Clostridium difficile is a common disease in hospitals and nursing homes and causes some 14,000 deaths each year in the United States. The disease can be treated with antibiotics, but the bacteria produce spores that resist common disinfection techniques, resulting in a high rate of re-infection. (See “Wrestling with Recurrent Infections,” The Scientist, May 2011, for an overview of C. difficile infections and treatment options.) Now, researchers from the Wellcome Trust Sanger Institute have isolated a combination of six other bacteria species that successfully fight C. difficile infections in mice, potentially paving the way toward standardized therapy, according to a report in PLOS Pathology last week (October 25).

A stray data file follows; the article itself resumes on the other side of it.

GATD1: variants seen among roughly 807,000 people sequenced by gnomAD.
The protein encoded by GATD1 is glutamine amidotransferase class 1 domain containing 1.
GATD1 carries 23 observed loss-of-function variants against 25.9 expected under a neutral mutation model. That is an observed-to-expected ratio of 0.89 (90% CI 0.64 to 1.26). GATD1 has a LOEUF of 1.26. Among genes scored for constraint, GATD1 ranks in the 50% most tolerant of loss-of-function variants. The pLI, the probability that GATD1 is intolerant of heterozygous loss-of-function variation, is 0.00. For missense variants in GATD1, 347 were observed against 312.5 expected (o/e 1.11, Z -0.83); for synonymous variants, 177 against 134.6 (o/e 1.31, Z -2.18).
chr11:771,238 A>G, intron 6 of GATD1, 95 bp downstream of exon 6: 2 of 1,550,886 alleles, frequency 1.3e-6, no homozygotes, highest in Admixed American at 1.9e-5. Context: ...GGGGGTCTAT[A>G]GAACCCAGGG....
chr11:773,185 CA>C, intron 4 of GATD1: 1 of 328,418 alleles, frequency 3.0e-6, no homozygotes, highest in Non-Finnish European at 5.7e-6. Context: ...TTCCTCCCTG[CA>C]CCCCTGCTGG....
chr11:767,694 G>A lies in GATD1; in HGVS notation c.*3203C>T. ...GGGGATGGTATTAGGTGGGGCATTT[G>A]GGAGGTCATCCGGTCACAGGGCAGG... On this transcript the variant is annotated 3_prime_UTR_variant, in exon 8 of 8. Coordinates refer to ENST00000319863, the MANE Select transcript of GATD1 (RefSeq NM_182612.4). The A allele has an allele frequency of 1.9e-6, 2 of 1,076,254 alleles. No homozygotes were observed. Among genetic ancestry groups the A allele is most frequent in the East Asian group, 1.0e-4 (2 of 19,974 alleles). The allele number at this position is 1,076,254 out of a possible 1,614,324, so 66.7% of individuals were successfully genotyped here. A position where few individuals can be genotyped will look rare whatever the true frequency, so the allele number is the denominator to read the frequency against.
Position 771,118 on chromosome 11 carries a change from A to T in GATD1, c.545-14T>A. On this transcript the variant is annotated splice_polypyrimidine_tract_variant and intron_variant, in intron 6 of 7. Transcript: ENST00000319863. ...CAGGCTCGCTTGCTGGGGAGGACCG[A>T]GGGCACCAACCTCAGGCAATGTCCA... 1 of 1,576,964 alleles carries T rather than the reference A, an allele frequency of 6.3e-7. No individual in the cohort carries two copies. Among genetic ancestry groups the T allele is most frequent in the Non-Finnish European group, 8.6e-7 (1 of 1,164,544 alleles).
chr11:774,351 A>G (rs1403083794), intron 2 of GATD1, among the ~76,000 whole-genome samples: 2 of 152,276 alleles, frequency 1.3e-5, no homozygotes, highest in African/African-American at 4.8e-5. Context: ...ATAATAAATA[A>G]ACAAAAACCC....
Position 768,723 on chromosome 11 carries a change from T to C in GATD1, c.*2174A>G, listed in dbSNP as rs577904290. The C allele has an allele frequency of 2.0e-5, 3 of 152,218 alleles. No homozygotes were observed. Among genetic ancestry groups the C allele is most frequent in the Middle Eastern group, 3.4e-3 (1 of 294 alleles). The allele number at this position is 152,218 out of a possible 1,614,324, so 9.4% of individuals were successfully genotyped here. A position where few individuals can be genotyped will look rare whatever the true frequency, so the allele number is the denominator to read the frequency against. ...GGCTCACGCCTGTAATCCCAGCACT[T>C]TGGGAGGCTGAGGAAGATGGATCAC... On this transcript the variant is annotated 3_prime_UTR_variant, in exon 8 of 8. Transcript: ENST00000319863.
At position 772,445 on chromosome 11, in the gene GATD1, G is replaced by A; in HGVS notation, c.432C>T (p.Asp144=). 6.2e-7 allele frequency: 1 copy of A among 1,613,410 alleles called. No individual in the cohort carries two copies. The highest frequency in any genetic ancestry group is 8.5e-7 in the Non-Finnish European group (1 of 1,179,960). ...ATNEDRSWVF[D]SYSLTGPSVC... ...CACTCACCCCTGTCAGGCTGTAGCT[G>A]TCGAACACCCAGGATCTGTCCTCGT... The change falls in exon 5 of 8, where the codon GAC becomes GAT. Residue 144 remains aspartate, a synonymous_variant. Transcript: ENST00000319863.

The only successful treatment to date has been fecal therapy, which involves the transfer of fecal material from a healthy individual directly into the intestines of an infected patient. However, the treatment is controversial because it risks introducing pathogenic strains, in addition to the healthful ones. Instead, the Sanger Institute researchers took fecal matter that successfully cured mice and cultured the bacteria from it. They isolated 18 types of bacteria and determined that a mixture of six of those was sufficient to successfully treat the disease.
“Fecal transplantation is viewed as an alternative treatment, but it is not widely used because of the risk of introducing harmful pathogens as well as general patient aversion,” lead author Gordon Dougan from the Wellcome Trust Sanger Institute, in the United Kingdom told Genetic Engineering and Biotechnology News. “This model encapsulates some of the features of fecal therapy and acts as a basis to develop standardized treatment mixture.”
(Hat tip to ScienceNOW)